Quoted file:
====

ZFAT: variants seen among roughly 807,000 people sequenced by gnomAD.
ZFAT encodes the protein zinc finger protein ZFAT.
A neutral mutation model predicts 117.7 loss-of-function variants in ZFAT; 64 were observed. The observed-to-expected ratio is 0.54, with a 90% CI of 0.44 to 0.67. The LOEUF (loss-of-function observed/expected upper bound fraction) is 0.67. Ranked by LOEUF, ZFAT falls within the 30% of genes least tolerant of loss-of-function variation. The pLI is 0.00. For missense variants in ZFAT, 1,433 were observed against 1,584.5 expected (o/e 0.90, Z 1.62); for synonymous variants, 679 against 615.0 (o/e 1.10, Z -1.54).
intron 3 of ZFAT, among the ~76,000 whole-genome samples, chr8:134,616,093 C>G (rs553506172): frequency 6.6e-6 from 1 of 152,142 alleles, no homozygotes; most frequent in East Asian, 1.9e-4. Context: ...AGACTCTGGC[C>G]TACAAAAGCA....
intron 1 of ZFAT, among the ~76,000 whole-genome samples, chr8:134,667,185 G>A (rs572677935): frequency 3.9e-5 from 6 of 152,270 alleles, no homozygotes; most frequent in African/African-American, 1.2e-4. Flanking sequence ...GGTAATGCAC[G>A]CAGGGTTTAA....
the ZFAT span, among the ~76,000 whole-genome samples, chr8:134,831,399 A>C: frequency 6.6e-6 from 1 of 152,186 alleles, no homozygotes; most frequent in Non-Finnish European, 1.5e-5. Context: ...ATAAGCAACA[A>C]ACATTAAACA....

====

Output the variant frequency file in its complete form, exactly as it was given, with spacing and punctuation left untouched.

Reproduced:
ZFAT: variants seen among roughly 807,000 people sequenced by gnomAD.
ZFAT encodes the protein zinc finger protein ZFAT.
A neutral mutation model predicts 117.7 loss-of-function variants in ZFAT; 64 were observed. The observed-to-expected ratio is 0.54, with a 90% CI of 0.44 to 0.67. The LOEUF (loss-of-function observed/expected upper bound fraction) is 0.67. Ranked by LOEUF, ZFAT falls within the 30% of genes least tolerant of loss-of-function variation. The pLI is 0.00. For missense variants in ZFAT, 1,433 were observed against 1,584.5 expected (o/e 0.90, Z 1.62); for synonymous variants, 679 against 615.0 (o/e 1.10, Z -1.54).
intron 3 of ZFAT, among the ~76,000 whole-genome samples, chr8:134,616,093 C>G (rs553506172): frequency 6.6e-6 from 1 of 152,142 alleles, no homozygotes; most frequent in East Asian, 1.9e-4. Context: ...AGACTCTGGC[C>G]TACAAAAGCA....
intron 1 of ZFAT, among the ~76,000 whole-genome samples, chr8:134,667,185 G>A (rs572677935): frequency 3.9e-5 from 6 of 152,270 alleles, no homozygotes; most frequent in African/African-American, 1.2e-4. Flanking sequence ...GGTAATGCAC[G>A]CAGGGTTTAA....
the ZFAT span, among the ~76,000 whole-genome samples, chr8:134,831,399 A>C: frequency 6.6e-6 from 1 of 152,186 alleles, no homozygotes; most frequent in Non-Finnish European, 1.5e-5. Context: ...ATAAGCAACA[A>C]ACATTAAACA....